His eyes were dimmed with tears and, looking humbly up to heaven, he wept for the innocence he had lost.
When evening had fallen he left the house, and the first touch of the damp dark air and the noise of the door as it closed behind him made ache again his conscience, lulled by prayer and tears. Confess! Confess! It was not enough to lull the conscience with a tear and a prayer. He had to kneel before the minister of the Holy Ghost and tell over his hidden sins truly and repentantly. Before he heard again the footboard of the housedoor trail over the threshold as it opened to let him in, before he saw again the table in the kitchen set for supper he would have knelt and confessed. It was quite simple.
The ache of conscience ceased and he walked onward swiftly through the dark streets. There were so many flagstones on the footpath of that street and so many streets in that city and so many cities in the world. Yet eternity had no end. He was in mortal sin. Even once was a mortal sin. It could happen in an instant. But how so quickly? By seeing or by thinking of seeing. The eyes see the thing, without having wished first to see. Then in an instant it happens. But does that part of the body understand or what? The serpent, the most subtle beast of the field. It must understand when it desires in one instant and then prolongs its own desire instant after instant, sinfully. It feels and understands and desires. What a horrible thing! Who made it to be like that, a bestial part of the body able to understand bestially and desire bestially? Was that then he or an inhuman thing moved by a lower soul? His soul sickened at the thought of a torpid snaky life feeding itself out of the tender marrow of his life and fattening upon the slime of lust. O why was that so? O why?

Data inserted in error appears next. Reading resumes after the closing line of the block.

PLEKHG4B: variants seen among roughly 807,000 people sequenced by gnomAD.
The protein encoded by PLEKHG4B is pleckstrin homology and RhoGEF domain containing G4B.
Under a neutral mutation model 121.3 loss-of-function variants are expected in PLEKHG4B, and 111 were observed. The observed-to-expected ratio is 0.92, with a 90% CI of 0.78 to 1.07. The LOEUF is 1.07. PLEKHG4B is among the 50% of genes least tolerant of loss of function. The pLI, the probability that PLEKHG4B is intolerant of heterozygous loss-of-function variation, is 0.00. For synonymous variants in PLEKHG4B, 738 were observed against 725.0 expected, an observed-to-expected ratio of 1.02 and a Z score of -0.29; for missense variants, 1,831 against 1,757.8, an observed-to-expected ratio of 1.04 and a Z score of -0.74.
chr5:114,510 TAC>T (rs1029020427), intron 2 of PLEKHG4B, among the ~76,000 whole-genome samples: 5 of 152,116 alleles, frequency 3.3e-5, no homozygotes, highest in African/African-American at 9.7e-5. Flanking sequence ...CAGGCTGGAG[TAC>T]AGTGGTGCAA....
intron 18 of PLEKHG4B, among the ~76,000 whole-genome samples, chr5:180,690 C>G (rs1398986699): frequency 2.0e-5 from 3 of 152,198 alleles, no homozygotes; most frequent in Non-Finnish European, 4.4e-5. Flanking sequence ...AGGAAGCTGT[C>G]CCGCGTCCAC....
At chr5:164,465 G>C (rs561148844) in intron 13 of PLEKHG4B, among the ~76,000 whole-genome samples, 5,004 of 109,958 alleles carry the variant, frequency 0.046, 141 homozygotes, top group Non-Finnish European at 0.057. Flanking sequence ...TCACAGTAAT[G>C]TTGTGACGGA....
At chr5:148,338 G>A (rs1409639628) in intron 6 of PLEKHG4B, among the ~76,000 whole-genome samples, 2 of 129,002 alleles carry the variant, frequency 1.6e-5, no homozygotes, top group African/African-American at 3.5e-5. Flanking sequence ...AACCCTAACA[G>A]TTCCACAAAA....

He cowered in the shadow of the thought, abasing himself in the awe of God Who had made all things and all men. Madness. Who could think such a thought? And, cowering in darkness and abject, he prayed mutely to his guardian angel to drive away with his sword the demon that was whispering to his brain.
The whisper ceased and he knew then clearly that his own soul had sinned in thought and word and deed wilfully through his own body. Confess! He had to confess every sin. How could he utter in words to the priest what he had done? Must, must. Or how could he explain without dying of shame? Or how could he have done such things without shame? A madman! Confess! O he would indeed to be free and sinless again! Perhaps the priest would know. O dear God!
He walked on and on through ill-lit streets, fearing to stand still for a moment lest it might seem that he held back from what awaited him, fearing to arrive at that towards which he still turned with longing. How beautiful must be a soul in the state of grace when God looked upon it with love!